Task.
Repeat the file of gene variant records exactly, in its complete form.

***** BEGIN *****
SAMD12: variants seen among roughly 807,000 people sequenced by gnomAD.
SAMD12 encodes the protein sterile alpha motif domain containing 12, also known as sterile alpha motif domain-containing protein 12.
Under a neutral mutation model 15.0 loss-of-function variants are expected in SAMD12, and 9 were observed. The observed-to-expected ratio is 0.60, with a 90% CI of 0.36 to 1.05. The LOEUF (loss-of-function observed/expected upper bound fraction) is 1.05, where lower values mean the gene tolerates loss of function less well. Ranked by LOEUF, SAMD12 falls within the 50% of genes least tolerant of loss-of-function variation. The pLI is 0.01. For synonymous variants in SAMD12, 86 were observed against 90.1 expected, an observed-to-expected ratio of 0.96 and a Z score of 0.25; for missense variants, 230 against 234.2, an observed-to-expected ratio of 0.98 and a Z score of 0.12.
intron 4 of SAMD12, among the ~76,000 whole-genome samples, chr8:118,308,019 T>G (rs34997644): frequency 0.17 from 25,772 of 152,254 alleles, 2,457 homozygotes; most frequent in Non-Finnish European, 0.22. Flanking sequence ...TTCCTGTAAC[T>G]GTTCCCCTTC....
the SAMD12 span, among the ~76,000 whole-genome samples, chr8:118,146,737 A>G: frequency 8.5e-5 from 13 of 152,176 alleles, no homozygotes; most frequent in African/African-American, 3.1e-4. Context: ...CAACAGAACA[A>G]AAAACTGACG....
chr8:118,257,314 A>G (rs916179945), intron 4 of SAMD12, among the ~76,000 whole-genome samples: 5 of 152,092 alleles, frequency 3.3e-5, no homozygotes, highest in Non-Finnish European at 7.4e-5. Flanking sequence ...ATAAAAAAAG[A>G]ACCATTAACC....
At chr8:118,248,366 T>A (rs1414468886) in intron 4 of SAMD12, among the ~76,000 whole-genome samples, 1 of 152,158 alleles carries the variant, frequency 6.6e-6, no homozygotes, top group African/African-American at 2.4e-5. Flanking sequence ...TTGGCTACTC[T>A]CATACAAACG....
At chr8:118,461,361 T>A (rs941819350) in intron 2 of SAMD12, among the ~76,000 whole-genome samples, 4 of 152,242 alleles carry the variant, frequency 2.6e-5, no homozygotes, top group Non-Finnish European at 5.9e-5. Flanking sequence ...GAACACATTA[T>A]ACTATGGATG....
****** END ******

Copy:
SAMD12: variants seen among roughly 807,000 people sequenced by gnomAD.
SAMD12 encodes the protein sterile alpha motif domain containing 12, also known as sterile alpha motif domain-containing protein 12.
Under a neutral mutation model 15.0 loss-of-function variants are expected in SAMD12, and 9 were observed. The observed-to-expected ratio is 0.60, with a 90% CI of 0.36 to 1.05. The LOEUF (loss-of-function observed/expected upper bound fraction) is 1.05, where lower values mean the gene tolerates loss of function less well. Ranked by LOEUF, SAMD12 falls within the 50% of genes least tolerant of loss-of-function variation. The pLI is 0.01. For synonymous variants in SAMD12, 86 were observed against 90.1 expected, an observed-to-expected ratio of 0.96 and a Z score of 0.25; for missense variants, 230 against 234.2, an observed-to-expected ratio of 0.98 and a Z score of 0.12.
intron 4 of SAMD12, among the ~76,000 whole-genome samples, chr8:118,308,019 T>G (rs34997644): frequency 0.17 from 25,772 of 152,254 alleles, 2,457 homozygotes; most frequent in Non-Finnish European, 0.22. Flanking sequence ...TTCCTGTAAC[T>G]GTTCCCCTTC....
the SAMD12 span, among the ~76,000 whole-genome samples, chr8:118,146,737 A>G: frequency 8.5e-5 from 13 of 152,176 alleles, no homozygotes; most frequent in African/African-American, 3.1e-4. Context: ...CAACAGAACA[A>G]AAAACTGACG....
chr8:118,257,314 A>G (rs916179945), intron 4 of SAMD12, among the ~76,000 whole-genome samples: 5 of 152,092 alleles, frequency 3.3e-5, no homozygotes, highest in Non-Finnish European at 7.4e-5. Flanking sequence ...ATAAAAAAAG[A>G]ACCATTAACC....
At chr8:118,248,366 T>A (rs1414468886) in intron 4 of SAMD12, among the ~76,000 whole-genome samples, 1 of 152,158 alleles carries the variant, frequency 6.6e-6, no homozygotes, top group African/African-American at 2.4e-5. Flanking sequence ...TTGGCTACTC[T>A]CATACAAACG....
At chr8:118,461,361 T>A (rs941819350) in intron 2 of SAMD12, among the ~76,000 whole-genome samples, 4 of 152,242 alleles carry the variant, frequency 2.6e-5, no homozygotes, top group Non-Finnish European at 5.9e-5. Flanking sequence ...GAACACATTA[T>A]ACTATGGATG....